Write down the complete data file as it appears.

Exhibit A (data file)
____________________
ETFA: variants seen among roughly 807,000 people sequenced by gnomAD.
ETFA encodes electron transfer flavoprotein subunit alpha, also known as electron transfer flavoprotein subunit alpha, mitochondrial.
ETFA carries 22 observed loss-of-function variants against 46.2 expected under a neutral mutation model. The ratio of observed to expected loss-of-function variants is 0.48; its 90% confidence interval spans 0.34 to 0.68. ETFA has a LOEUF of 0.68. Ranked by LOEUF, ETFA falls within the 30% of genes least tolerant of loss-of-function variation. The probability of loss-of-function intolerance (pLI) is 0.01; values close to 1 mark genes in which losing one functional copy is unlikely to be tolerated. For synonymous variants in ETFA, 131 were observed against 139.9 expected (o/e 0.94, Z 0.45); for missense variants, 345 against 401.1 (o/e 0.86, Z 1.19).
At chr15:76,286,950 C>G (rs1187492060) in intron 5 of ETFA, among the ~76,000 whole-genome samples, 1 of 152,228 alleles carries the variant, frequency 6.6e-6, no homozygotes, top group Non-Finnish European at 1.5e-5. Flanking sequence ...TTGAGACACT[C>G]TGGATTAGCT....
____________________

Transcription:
ETFA: variants seen among roughly 807,000 people sequenced by gnomAD.
ETFA encodes electron transfer flavoprotein subunit alpha, also known as electron transfer flavoprotein subunit alpha, mitochondrial.
ETFA carries 22 observed loss-of-function variants against 46.2 expected under a neutral mutation model. The ratio of observed to expected loss-of-function variants is 0.48; its 90% confidence interval spans 0.34 to 0.68. ETFA has a LOEUF of 0.68. Ranked by LOEUF, ETFA falls within the 30% of genes least tolerant of loss-of-function variation. The probability of loss-of-function intolerance (pLI) is 0.01; values close to 1 mark genes in which losing one functional copy is unlikely to be tolerated. For synonymous variants in ETFA, 131 were observed against 139.9 expected (o/e 0.94, Z 0.45); for missense variants, 345 against 401.1 (o/e 0.86, Z 1.19).
At chr15:76,286,950 C>G (rs1187492060) in intron 5 of ETFA, among the ~76,000 whole-genome samples, 1 of 152,228 alleles carries the variant, frequency 6.6e-6, no homozygotes, top group Non-Finnish European at 1.5e-5. Flanking sequence ...TTGAGACACT[C>G]TGGATTAGCT....